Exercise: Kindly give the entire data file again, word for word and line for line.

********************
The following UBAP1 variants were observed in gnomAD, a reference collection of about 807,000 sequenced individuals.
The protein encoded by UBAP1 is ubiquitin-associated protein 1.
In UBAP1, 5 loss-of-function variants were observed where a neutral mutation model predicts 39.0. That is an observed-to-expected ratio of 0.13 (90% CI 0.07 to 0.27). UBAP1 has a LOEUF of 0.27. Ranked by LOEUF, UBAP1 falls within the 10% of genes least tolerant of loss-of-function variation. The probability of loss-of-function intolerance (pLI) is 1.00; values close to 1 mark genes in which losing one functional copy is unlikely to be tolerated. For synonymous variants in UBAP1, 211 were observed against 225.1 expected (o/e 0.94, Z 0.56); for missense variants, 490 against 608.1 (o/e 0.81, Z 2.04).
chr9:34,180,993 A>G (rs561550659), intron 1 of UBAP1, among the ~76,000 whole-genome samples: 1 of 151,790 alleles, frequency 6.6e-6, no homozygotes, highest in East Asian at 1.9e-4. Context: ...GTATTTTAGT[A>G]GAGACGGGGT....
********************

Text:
The following UBAP1 variants were observed in gnomAD, a reference collection of about 807,000 sequenced individuals.
The protein encoded by UBAP1 is ubiquitin-associated protein 1.
In UBAP1, 5 loss-of-function variants were observed where a neutral mutation model predicts 39.0. That is an observed-to-expected ratio of 0.13 (90% CI 0.07 to 0.27). UBAP1 has a LOEUF of 0.27. Ranked by LOEUF, UBAP1 falls within the 10% of genes least tolerant of loss-of-function variation. The probability of loss-of-function intolerance (pLI) is 1.00; values close to 1 mark genes in which losing one functional copy is unlikely to be tolerated. For synonymous variants in UBAP1, 211 were observed against 225.1 expected (o/e 0.94, Z 0.56); for missense variants, 490 against 608.1 (o/e 0.81, Z 2.04).
chr9:34,180,993 A>G (rs561550659), intron 1 of UBAP1, among the ~76,000 whole-genome samples: 1 of 151,790 alleles, frequency 6.6e-6, no homozygotes, highest in East Asian at 1.9e-4. Context: ...GTATTTTAGT[A>G]GAGACGGGGT....